The main dermatologic side effect is a transient maculopapular rash which appears in approximately 18% of patients. Rare side effects include urticaria, hyperpigmentation, facial swelling, and alopecia.
Therapy can usually be continued despite the transient maculopapular rash.
Mild elevations in hepatic enzymes have been reported in up to 23% of patients in some studies. Severe hepatotoxicity is rare. Limited data (using antipyrine clearance) have shown that mitotane can induce hepatic microsomal enzymes leading to enhanced steroid degradation. Ocular side effects are rare, and include visual blurring, diplopia, lens opacity/cataracts, toxic retinopathy with papilledema, or retinal hemorrhage in 3% of patients. Postmarketing hepatic side effects including hepatitis and elevation of liver enzymes have been reported.
Ocular side effects are rare, and include visual blurring, diplopia, lens opacity/cataracts, toxic retinopathy with papilledema, or retinal hemorrhage in 3% of patients. Postmarketing ocular side effects including maculopathy have been reported.
Genitourinary side effects are rare, and include hematuria, hemorrhagic cystitis, or albuminuria in 2% of patients. The use of mitotane has rarely been associated with (reversible) primary hypogonadism and impotence in males. Postmarketing genitourinary side effects including gynecomastia have been reported.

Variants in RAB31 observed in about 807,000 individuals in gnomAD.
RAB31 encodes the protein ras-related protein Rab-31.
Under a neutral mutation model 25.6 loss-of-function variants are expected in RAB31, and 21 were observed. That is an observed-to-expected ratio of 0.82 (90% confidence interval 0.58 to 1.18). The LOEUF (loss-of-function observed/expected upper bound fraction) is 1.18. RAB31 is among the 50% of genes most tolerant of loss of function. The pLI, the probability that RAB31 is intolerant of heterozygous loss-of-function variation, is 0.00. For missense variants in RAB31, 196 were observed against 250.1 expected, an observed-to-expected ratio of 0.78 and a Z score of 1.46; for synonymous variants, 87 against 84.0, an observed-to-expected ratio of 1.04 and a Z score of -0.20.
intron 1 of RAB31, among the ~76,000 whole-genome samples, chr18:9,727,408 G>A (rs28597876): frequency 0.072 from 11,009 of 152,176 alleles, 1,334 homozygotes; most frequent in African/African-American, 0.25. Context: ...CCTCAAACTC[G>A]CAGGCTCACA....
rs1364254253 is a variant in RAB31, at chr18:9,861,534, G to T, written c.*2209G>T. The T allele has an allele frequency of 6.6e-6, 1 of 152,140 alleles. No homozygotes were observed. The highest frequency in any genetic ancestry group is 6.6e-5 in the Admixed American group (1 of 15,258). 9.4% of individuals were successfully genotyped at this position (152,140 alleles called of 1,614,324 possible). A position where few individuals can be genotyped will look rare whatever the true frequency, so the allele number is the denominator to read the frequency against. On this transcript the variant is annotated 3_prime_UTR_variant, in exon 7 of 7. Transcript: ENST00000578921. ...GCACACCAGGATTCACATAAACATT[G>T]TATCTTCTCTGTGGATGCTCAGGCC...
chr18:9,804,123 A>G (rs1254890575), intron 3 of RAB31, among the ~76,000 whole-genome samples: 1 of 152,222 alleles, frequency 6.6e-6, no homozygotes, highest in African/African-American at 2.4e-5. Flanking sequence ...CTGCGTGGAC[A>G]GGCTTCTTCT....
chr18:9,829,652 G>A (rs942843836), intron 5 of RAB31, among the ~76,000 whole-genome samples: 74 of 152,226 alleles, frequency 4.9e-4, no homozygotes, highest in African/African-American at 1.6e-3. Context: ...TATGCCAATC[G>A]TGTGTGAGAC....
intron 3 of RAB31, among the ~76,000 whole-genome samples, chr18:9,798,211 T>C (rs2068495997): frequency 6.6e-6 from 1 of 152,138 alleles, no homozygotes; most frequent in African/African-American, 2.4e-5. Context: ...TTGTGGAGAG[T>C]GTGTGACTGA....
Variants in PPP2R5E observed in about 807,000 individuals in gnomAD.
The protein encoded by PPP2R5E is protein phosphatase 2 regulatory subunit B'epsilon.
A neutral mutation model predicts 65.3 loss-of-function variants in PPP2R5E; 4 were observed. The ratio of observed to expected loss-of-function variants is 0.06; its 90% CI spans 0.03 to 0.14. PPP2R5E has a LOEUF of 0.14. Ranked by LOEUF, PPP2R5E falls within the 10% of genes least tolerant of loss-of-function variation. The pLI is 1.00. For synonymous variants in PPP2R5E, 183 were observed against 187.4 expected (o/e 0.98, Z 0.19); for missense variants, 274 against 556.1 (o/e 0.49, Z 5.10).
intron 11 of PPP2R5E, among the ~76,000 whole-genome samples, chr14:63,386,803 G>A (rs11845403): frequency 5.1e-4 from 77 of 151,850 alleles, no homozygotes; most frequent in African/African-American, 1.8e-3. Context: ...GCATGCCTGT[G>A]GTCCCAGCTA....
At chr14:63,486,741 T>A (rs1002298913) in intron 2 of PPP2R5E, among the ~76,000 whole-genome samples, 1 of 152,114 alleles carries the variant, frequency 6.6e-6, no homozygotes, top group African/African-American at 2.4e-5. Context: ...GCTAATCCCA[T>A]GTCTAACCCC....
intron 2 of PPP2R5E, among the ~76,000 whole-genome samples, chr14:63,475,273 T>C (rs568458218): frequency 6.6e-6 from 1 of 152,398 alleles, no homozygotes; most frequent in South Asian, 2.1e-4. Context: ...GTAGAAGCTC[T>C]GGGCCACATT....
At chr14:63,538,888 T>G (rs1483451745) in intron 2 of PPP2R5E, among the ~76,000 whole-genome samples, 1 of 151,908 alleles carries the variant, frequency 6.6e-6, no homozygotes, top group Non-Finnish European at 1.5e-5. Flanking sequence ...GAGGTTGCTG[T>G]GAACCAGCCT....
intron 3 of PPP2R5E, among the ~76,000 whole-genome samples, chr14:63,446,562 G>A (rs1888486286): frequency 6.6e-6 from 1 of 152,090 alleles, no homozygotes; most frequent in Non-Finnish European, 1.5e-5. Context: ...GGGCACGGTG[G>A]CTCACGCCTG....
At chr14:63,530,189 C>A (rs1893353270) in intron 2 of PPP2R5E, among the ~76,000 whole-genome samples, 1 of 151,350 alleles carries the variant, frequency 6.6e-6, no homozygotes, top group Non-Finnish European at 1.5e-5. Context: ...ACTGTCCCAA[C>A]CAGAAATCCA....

Endocrine side effects are expected because of the effect of mitotane on the adrenal cortex. Reversible primary testicular dysfunction/hypogonadism has been associated with the use of mitotane in males. The use of mitotane has been associated with increases in both serum total cholesterol and triglycerides. Postmarketing endocrine side effects including growth retardation and hypothyroidism have been reported.
Many patients require exogenous steroid replacement during mitotane therapy. The adequacy of corticosteroid replacement may be assessed by monitoring levels of adrenal corticotropic hormone [ACTH].
Cardiovascular side effects are rare, and include hypertension, orthostatic hypotension, or flushing in 2% of patients.
Data have revealed an aspirin-like ability of mitotane to inhibit platelet aggregation.
Hematologic side effects including prolonged bleeding times due to mitotane-induced platelet dysfunction have rarely been reported. Thrombocytopenia and leukopenia have also been noted. Postmarketing hematologic side effects including neutropenia have been reported.
Other side effects found in 8% or less of patients include generalized aching, hyperpyrexia, and decreased protein bound iodine. Other postmarketing side effects have included asthenia.
Respiratory side effects including wheezing and dyspnea have rarely been reported.
Renal side effects including increased excretion of urate have rarely been reported.
Postmarketing psychiatric side effects including confusional state have been reported.
Postmarketing metabolic side effects including decreased blood uric acid, increased blood cholesterol, and increased blood triglycerides have been reported.